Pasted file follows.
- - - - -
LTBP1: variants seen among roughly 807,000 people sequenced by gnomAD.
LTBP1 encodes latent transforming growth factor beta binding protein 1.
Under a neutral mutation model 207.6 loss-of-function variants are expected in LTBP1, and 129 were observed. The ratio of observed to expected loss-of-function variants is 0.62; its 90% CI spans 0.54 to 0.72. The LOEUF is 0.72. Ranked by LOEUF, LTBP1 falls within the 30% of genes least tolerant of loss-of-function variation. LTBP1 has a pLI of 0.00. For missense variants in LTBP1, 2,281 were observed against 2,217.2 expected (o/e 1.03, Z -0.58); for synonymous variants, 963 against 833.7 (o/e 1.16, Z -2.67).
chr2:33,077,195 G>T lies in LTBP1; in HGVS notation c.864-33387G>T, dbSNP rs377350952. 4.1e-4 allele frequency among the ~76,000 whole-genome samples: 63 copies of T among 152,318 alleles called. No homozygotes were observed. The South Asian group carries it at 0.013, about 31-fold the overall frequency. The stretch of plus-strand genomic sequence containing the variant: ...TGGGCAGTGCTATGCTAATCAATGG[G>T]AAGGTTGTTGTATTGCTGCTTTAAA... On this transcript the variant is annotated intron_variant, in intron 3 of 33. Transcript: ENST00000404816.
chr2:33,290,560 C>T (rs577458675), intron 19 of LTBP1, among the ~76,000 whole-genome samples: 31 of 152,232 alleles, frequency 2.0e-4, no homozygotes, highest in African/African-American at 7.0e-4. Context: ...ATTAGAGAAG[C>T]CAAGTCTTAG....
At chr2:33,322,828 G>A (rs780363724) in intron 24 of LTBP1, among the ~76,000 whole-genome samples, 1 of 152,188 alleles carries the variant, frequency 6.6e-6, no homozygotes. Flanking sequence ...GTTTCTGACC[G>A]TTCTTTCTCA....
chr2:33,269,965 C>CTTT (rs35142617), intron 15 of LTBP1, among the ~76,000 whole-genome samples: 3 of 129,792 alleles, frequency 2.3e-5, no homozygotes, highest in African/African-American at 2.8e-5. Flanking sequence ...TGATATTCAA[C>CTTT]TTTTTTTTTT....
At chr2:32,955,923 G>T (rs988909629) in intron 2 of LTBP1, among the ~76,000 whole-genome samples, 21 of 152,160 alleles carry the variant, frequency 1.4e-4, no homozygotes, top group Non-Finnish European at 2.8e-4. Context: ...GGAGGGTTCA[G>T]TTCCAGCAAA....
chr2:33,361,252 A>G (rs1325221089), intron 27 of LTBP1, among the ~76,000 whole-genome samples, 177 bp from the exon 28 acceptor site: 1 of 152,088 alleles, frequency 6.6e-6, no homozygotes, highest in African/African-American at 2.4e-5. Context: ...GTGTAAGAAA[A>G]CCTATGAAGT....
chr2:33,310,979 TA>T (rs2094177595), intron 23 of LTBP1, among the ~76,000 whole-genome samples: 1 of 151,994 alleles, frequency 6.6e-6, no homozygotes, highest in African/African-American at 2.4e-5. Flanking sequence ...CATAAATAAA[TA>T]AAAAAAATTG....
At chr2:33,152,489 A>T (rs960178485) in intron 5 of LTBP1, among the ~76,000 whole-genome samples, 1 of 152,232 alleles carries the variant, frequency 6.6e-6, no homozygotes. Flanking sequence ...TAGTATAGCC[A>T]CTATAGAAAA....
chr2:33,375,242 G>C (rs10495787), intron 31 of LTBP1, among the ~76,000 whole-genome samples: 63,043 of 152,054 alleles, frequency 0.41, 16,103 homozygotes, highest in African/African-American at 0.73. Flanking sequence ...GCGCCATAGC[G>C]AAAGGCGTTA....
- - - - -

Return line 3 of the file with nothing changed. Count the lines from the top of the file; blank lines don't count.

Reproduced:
Under a neutral mutation model 207.6 loss-of-function variants are expected in LTBP1, and 129 were observed. The ratio of observed to expected loss-of-function variants is 0.62; its 90% CI spans 0.54 to 0.72. The LOEUF is 0.72. Ranked by LOEUF, LTBP1 falls within the 30% of genes least tolerant of loss-of-function variation. LTBP1 has a pLI of 0.00. For missense variants in LTBP1, 2,281 were observed against 2,217.2 expected (o/e 1.03, Z -0.58); for synonymous variants, 963 against 833.7 (o/e 1.16, Z -2.67).